Introduction: TEA5767 FM Radio Breakout Board for Arduino
I recently failed to resist buying two TEA5767 FM Radio modules from eBay for almost nothing. These little modules use the I2C serial protocol and so are ideal for connecting to an Arduino.
There is more information and other Arduino projects over on my blog: http://srmonk.blogspot.co.uk/2012/03/tea5767-fm-radio-breakout-board-for.html
You will need:
* a TEA5767 FM Radio module from eBay
* An Arduino Uno
* 0.1 inch header socket strip
* soldering equipment
* audio amplifier
* optional 10k linear pot
* optional stripboard
Step 1: Break the Links on the Stripboard
First cut the tracks on the back like this:
Step 2: Solder Links Between the Breakout Board and the Module
Then solder short lengths of solid core wire in place, either side of the breaks in the strips.
Bend the cut ends inwards so that they will meet the connectors on the module. Trim the ends of so they just reach the module. I actually cut mine a bit short (see below) which made thins more difficult.
Before trying to solder the leads to the module, fit a crocodile clip over the leads to act as a heat sink, otherwise the leads are likely to become detached from the strips beneath.
Step 3: Solder Link Wire and Header Sockets
When all the pins are soldered, solder in a link wire between pins 3 and 6. This is also the ground connection.
Step 4: Attach to Arduino
Here is the pinout for the finished module. On the left we have the IC2 connections SDA and SCL that will go to pins A5 and A4 respectively on the Arduino Uno.
The right hand side has a connection ANT (antenna) left and right audio and ground.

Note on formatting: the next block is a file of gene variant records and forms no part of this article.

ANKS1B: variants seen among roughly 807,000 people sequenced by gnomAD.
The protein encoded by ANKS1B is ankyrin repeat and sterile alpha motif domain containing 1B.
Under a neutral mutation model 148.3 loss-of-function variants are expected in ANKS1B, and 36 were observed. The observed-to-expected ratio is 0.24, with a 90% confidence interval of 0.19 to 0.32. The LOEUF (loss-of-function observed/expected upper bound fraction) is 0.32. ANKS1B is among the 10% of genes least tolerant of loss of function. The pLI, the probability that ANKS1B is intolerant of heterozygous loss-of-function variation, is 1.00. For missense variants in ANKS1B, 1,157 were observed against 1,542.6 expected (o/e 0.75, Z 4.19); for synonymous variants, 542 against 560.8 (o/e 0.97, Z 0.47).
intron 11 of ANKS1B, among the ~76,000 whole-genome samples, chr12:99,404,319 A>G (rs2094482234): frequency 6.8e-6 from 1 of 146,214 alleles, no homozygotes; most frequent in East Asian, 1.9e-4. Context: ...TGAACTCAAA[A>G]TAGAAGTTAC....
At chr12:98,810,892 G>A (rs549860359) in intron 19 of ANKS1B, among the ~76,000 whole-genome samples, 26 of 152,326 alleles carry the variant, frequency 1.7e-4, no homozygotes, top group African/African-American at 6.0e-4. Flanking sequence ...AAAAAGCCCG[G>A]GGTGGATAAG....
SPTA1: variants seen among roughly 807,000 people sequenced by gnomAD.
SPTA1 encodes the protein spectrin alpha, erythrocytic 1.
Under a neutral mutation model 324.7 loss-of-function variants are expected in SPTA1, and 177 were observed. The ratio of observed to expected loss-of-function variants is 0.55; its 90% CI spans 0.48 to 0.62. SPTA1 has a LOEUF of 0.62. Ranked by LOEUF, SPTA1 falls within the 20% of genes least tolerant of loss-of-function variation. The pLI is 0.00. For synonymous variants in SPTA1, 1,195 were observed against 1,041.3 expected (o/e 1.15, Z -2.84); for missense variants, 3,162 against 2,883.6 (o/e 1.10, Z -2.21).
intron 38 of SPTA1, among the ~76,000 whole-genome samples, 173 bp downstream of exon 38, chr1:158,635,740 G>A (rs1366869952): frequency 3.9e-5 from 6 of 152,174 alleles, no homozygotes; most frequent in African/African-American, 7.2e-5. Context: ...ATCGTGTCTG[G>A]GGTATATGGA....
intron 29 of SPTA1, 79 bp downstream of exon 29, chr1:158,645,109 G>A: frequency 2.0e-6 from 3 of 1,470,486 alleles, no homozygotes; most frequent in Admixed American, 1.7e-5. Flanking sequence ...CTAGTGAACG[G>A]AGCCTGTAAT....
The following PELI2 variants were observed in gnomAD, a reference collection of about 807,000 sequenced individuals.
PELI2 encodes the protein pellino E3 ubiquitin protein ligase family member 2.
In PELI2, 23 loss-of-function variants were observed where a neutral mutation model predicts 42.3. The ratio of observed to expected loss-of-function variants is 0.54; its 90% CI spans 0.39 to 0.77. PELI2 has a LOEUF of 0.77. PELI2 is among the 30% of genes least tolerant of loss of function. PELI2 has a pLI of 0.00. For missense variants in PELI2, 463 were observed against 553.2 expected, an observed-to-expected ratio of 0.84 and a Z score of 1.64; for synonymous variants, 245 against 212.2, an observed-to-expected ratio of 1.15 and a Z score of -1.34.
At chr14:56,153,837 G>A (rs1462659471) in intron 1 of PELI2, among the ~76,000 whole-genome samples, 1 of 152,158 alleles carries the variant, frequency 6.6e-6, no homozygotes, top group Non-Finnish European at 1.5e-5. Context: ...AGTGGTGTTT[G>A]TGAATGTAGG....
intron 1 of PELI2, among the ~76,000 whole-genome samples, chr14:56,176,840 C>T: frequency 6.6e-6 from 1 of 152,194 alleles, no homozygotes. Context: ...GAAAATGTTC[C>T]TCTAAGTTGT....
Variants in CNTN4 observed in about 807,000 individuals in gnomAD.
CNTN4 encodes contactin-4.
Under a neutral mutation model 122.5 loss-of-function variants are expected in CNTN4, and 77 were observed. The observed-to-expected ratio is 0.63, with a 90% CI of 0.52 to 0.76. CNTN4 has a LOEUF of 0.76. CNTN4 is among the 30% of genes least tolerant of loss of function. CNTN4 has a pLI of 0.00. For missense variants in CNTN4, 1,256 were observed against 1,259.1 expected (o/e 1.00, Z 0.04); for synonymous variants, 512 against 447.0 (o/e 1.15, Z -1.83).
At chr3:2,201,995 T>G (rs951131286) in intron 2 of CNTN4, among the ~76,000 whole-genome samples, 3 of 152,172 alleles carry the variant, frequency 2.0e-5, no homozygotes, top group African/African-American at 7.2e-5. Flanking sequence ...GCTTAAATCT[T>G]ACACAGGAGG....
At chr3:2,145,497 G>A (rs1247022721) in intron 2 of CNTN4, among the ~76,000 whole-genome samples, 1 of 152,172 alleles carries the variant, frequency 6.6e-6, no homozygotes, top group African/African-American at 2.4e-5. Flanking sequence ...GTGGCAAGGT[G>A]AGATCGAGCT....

Connect all the left hand connections to the Arduino as described above.
If you want to be able to control the tuning of your radio (you don't have to, you can just set the frequency in the sketch) then optionally use a solderless breadboard to hold a pot (I used 10K linear).
The pot should be connected with the center slider to Arduino pin A0 and one end to GND and the other to +5V. Turning this pot will change the frequency.
Step 5: Conclusion
Note that I actually used a Freetronics USB Droid board, as that was what I had to hand, rather than an Uno, but an Uno will work fine.
On the right-hand side of the breakout board (top in the picture above) I attached a 3.5mm socket to one channel and GND and poked a length of wire into the ANT socket to act as an antenna.
The sketch is very simple, all the real action is in the function setFrequency().
In the 'loop' the analog reading from the pot is converted into the frequency range and then rounded to 1 decimal place, to make it easier to tune.
The output from the module requires amplification. An iPod dock with aux-in will work fine and I was surprised at the quality of the sound, given the price.
For a similar but more advanced project have a look at: http://www.electronicsblog.net/arduino-fm-receiver-with-tea5767/ I found this very useful when making this project.
Here is the sketch. Note you need Arduino 1.0
unsigned char frequencyH = 0;
unsigned char frequencyL = 0;
unsigned int frequencyB;
double frequency = 0;
frequency = 93.0; //starting frequency
int reading = analogRead(0);
//frequency = map((float)reading, 0.0, 1024.0, 87.5, 108.0);
frequency = ((double)reading * (108.0 - 87.5)) / 1024.0 + 87.5;
frequency = ((int)(frequency * 10)) / 10.0;
frequencyB = 4 * (frequency * 1000000 + 225000) / 32768;
frequencyH = frequencyB >> 8;
frequencyL = frequencyB & 0XFF;